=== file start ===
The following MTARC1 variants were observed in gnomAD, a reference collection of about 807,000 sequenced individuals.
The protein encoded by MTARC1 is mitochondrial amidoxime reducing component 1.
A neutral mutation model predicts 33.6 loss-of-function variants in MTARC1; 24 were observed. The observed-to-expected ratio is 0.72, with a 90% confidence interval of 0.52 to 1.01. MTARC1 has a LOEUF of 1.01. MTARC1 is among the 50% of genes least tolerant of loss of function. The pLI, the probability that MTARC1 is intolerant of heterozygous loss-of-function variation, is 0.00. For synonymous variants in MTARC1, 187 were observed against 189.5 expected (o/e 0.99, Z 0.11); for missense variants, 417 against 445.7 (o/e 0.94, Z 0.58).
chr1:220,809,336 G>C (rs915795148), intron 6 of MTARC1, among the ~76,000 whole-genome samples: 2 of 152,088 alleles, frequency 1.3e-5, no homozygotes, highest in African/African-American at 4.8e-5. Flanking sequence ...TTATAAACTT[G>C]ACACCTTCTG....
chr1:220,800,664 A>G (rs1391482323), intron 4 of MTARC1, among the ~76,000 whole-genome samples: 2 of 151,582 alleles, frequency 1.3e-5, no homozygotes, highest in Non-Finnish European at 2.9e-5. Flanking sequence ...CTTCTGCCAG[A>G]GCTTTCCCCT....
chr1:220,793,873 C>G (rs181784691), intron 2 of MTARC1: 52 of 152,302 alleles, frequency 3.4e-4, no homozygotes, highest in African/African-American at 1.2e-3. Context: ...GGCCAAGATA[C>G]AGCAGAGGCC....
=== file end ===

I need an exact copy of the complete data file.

The following MTARC1 variants were observed in gnomAD, a reference collection of about 807,000 sequenced individuals.
The protein encoded by MTARC1 is mitochondrial amidoxime reducing component 1.
A neutral mutation model predicts 33.6 loss-of-function variants in MTARC1; 24 were observed. The observed-to-expected ratio is 0.72, with a 90% confidence interval of 0.52 to 1.01. MTARC1 has a LOEUF of 1.01. MTARC1 is among the 50% of genes least tolerant of loss of function. The pLI, the probability that MTARC1 is intolerant of heterozygous loss-of-function variation, is 0.00. For synonymous variants in MTARC1, 187 were observed against 189.5 expected (o/e 0.99, Z 0.11); for missense variants, 417 against 445.7 (o/e 0.94, Z 0.58).
chr1:220,809,336 G>C (rs915795148), intron 6 of MTARC1, among the ~76,000 whole-genome samples: 2 of 152,088 alleles, frequency 1.3e-5, no homozygotes, highest in African/African-American at 4.8e-5. Flanking sequence ...TTATAAACTT[G>C]ACACCTTCTG....
chr1:220,800,664 A>G (rs1391482323), intron 4 of MTARC1, among the ~76,000 whole-genome samples: 2 of 151,582 alleles, frequency 1.3e-5, no homozygotes, highest in Non-Finnish European at 2.9e-5. Flanking sequence ...CTTCTGCCAG[A>G]GCTTTCCCCT....
chr1:220,793,873 C>G (rs181784691), intron 2 of MTARC1: 52 of 152,302 alleles, frequency 3.4e-4, no homozygotes, highest in African/African-American at 1.2e-3. Context: ...GGCCAAGATA[C>G]AGCAGAGGCC....